Four More Years of Health Reform
While the last news I saw this morning before leaving the house still had Florida as “too close to call,” the outcome in that state has become irrelevant, with Obama securing enough votes in the electoral college (303 at last count) and claim another term as President of the United States. Importantly, Obama also won the popular vote by about 2.5 million votes. While the contest was close until the end, and our nation clearly remains divided, I am thankful that we do not find ourselves confronting the legitimacy question that can arise when the winner of the electoral college loses the popular vote. (Think Bush v. Gore.)
So, what awaits us in Obama’s second term? Well, I think it’s clear what needs to be done: More action needs to be taken to improve the nation’s economy. The Obama administration has made some gains in this area with the stimulus and the auto bailout, but there is more work to be done. For me, the question is: Will the Republicans in Congress work with him at all? For four years they’ve played obstructionist politics, with the goal, one would assume, of creating a one-term president and capturing the White House in 2012. That’s why none of them voted for the Affordable Care Act, why they refused to vote on the President’s jobs bill, and why they pushed our country to the brink of default by playing games with the debt ceiling. All of these things were done not because they were the best for our country, but because they were the worst for the President. And, in spite of that, Obama was able to prevail.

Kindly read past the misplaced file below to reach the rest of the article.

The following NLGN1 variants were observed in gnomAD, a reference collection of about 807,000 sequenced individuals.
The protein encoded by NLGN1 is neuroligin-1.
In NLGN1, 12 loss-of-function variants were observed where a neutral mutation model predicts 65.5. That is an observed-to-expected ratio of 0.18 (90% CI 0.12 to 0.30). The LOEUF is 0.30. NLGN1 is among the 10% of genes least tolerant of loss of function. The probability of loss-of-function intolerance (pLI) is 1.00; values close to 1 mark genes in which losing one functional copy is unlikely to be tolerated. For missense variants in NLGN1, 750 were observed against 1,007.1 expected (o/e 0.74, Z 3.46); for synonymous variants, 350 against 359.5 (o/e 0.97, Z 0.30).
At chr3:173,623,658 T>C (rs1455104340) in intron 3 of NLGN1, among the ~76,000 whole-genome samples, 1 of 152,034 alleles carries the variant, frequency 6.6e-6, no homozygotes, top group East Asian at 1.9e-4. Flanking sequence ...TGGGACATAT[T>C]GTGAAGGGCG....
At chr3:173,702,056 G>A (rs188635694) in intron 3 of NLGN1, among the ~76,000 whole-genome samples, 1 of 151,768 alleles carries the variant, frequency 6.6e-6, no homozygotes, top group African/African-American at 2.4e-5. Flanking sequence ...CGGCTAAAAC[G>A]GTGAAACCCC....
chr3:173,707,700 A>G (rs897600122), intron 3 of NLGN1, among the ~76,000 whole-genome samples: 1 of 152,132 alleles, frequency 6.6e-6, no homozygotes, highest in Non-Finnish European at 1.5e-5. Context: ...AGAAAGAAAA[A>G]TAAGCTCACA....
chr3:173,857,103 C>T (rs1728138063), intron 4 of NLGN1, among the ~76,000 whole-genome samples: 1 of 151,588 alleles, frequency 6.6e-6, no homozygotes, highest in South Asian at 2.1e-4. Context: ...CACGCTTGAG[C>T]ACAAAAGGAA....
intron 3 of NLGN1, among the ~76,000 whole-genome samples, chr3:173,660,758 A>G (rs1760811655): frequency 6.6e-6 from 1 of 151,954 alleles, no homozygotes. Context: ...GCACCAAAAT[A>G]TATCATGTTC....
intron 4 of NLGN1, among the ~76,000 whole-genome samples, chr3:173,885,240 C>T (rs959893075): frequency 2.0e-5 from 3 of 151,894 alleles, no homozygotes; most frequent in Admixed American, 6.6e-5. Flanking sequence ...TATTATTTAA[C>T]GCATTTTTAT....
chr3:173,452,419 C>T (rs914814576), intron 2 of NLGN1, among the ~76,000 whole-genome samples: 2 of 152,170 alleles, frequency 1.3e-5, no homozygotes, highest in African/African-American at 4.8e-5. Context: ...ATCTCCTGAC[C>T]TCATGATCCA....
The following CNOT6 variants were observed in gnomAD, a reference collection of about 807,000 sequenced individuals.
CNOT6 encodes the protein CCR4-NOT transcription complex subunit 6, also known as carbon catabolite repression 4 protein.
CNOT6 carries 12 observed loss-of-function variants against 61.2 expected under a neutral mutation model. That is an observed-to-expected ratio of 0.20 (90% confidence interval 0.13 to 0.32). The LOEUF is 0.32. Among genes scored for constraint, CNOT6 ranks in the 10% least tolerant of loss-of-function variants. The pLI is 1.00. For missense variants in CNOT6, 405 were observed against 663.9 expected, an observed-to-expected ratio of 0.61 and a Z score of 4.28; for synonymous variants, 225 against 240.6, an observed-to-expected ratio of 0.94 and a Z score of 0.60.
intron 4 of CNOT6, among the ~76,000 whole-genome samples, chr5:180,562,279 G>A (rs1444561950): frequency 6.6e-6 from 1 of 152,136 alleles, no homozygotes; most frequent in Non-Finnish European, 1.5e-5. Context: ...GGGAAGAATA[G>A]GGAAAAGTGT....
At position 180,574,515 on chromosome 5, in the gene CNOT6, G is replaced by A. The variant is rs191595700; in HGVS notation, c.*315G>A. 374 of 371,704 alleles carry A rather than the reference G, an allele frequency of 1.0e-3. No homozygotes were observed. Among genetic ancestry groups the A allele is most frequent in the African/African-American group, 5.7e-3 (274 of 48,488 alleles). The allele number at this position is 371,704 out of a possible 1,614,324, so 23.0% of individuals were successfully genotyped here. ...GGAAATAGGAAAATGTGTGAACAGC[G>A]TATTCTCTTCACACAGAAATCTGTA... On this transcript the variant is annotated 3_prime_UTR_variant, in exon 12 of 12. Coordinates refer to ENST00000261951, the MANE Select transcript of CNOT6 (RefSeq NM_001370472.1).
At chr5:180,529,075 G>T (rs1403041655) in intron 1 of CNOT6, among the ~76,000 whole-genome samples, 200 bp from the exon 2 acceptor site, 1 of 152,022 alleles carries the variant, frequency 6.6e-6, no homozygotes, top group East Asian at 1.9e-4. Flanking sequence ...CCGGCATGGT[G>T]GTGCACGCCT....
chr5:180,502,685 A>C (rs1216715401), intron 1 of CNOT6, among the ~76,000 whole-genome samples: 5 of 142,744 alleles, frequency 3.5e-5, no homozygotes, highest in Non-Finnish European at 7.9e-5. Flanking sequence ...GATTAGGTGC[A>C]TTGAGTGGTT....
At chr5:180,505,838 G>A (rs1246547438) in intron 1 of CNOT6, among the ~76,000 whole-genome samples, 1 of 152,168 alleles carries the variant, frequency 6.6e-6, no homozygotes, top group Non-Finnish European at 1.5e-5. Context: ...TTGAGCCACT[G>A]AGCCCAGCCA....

This morning, we now know that the Affordable Care Act, better known as “Obamacare,” will have the opportunity to be fully implemented in 2014. We know that tens of millions of Americans without health insurance will soon have affordable coverage. We know that there will soon be an option for individuals to shop for health insurance in a more transparent and competitive system of health insurance exchanges, with a government-sponsored option among the available choices. And we know that our nation’s elderly and disabled will continue to depend on Medicare, rather than facing the possibility of being given a voucher to go out and shop for coverage on their own.
This election has given us four more years of health reform. In that time, perhaps the public will warm to the program the way they have grown to love Medicare and Social Security. Perhaps we’ll see some real improvements in health and health care. Perhaps this will be the impetus for additional reform efforts in the future. But we’re not out of the woods yet. Republicans still control the House, while Democrats cling to a narrow majority in the Senate. It is possible that, through the budget process, Republicans can interfere with the implementation of the Affordable Care Act. It is even possible that, if they make large gains during the 2014 mid-term elections, they could find themselves in the position to repeal the ACA by overriding President Obama’s veto. And, while I hesitate to bring it up so soon, there’s 2016, when we will once again elect our President. Obamacare will only have been fully implemented for a couple of years, and if the economy hasn’t fully recovered, you can bet that the rhetoric of repeal and replace will be on full display. But, for the moment, we can breathe a little bit easier, knowing that we just bought Obama–and Obamacare–a little more time.
I'm an Assistant Professor of Health Management and Policy at the University of Iowa. I received my PhD in health policy and management from the University of North Carolina at Chapel Hill and completed a fellowship in health services research at Brown University. I've worked previously as the Asst. Director of Health Policy for the Assoc. of Clinicians for the Underserved, and as a policy ...